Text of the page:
As briefly described above, overall performance of a pattern recognition system may be enhanced, especially when limited amount of training data is available, by randomly partitioning the data to generate an infinite number of training patterns for a combiner distinct from a training data set for the base modules. In the following detailed description, references are made to the accompanying drawings that form a part hereof, and in which are shown by way of illustrations specific embodiments or examples. These aspects may be combined, other aspects may be utilized, and structural changes may be made without departing from the spirit or scope of the present disclosure. The following detailed description is therefore not to be taken in a limiting sense, and the scope of the present invention is defined by the appended claims and their equivalents.
While the embodiments will be described in the general context of program modules that execute in conjunction with an application program that runs on an operating system on a personal computer, those skilled in the art will recognize that aspects may also be implemented in combination with other program modules.
Generally, program modules include routines, programs, components, data structures, and other types of structures that perform particular tasks or implement particular abstract data types. Moreover, those skilled in the art will appreciate that embodiments may be practiced with other computer system configurations, including hand-held devices, multiprocessor systems, microprocessor-based or programmable consumer electronics, minicomputers, mainframe computers, and the like. Embodiments may also be practiced in distributed computing environments where tasks are performed by remote processing devices that are linked through a communications network. In a distributed computing environment, program modules may be located in both local and remote memory storage devices.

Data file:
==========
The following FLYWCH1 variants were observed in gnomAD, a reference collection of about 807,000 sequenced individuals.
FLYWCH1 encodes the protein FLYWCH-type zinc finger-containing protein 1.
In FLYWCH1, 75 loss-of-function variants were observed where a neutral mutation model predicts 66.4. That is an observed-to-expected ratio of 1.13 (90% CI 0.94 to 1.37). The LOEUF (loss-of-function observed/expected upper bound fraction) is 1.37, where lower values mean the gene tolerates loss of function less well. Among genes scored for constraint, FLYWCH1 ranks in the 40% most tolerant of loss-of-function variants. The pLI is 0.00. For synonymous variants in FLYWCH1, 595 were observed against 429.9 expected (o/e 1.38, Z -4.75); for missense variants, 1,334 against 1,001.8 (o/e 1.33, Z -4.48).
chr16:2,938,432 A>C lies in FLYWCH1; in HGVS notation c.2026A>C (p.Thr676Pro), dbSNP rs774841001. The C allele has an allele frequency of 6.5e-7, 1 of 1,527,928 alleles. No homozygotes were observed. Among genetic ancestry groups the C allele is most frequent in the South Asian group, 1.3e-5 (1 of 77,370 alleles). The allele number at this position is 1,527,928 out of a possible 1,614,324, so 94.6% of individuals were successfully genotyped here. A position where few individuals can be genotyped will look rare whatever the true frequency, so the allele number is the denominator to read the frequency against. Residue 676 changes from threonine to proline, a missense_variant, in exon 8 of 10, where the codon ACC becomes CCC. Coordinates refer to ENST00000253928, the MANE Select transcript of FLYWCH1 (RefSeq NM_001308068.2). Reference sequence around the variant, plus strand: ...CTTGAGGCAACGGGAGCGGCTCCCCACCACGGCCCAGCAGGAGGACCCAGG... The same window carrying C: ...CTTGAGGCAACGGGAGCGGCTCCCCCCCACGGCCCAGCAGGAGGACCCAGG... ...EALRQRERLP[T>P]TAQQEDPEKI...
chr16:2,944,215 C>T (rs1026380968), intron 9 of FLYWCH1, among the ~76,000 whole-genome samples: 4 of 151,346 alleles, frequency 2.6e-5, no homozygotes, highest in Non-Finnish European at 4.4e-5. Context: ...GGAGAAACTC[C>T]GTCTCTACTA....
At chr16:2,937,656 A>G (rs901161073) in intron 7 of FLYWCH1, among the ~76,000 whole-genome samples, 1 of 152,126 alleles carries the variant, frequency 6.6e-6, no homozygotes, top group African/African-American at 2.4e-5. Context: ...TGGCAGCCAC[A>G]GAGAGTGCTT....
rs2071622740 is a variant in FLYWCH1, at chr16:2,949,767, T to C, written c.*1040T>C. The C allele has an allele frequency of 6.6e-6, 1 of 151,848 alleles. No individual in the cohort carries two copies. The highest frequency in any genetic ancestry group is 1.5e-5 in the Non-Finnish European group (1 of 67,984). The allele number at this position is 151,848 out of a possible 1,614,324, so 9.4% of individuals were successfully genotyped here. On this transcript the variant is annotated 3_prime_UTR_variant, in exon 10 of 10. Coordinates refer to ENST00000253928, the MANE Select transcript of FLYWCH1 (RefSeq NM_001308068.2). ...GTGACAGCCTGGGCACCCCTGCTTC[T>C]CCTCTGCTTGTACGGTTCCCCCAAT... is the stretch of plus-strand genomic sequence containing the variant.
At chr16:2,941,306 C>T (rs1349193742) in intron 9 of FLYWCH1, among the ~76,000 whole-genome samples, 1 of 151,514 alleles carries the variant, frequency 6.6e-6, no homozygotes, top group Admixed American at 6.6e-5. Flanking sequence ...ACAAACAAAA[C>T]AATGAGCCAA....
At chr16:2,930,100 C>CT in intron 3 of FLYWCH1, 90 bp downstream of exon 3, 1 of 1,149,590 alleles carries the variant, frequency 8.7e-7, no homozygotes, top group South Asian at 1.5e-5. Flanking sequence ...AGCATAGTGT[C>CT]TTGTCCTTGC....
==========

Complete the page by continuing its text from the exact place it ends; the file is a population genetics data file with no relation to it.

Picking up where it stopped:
Embodiments may be implemented as a computer process (method), a computing system, or as an article of manufacture, such as a computer program product or computer readable media. The computer program product may be a computer storage media readable by a computer system and encoding a computer program of instructions for executing a computer process. The computer program product may also be a propagated signal on a carrier readable by a computing system and encoding a computer program of instructions for executing a computer process.
A complete pattern recognition system an input processor that gathers the input data or observations to be classified or described, a feature extraction mechanism that computes numeric or symbolic information from the observations, and a classification or description scheme that does the actual job of classifying or describing observations, relying on the extracted features.